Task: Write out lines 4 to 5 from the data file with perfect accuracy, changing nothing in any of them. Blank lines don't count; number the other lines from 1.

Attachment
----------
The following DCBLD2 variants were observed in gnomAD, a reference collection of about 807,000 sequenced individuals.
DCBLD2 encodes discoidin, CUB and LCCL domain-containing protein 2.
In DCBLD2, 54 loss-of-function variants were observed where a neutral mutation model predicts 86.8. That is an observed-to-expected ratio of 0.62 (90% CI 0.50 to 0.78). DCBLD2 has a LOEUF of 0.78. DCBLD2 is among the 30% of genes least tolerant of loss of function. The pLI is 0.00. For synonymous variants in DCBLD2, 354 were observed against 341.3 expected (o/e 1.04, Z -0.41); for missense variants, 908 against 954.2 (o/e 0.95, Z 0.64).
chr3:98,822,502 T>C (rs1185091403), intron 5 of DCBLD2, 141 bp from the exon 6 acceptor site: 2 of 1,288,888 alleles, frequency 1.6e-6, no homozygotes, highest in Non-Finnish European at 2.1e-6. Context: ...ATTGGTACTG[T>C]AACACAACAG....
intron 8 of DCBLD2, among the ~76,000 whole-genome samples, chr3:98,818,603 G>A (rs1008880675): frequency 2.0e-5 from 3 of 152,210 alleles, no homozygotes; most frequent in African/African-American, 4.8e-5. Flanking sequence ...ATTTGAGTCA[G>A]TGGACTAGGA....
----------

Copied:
chr3:98,822,502 T>C (rs1185091403), intron 5 of DCBLD2, 141 bp from the exon 6 acceptor site: 2 of 1,288,888 alleles, frequency 1.6e-6, no homozygotes, highest in Non-Finnish European at 2.1e-6. Context: ...ATTGGTACTG[T>C]AACACAACAG....
intron 8 of DCBLD2, among the ~76,000 whole-genome samples, chr3:98,818,603 G>A (rs1008880675): frequency 2.0e-5 from 3 of 152,210 alleles, no homozygotes; most frequent in African/African-American, 4.8e-5. Flanking sequence ...ATTTGAGTCA[G>A]TGGACTAGGA....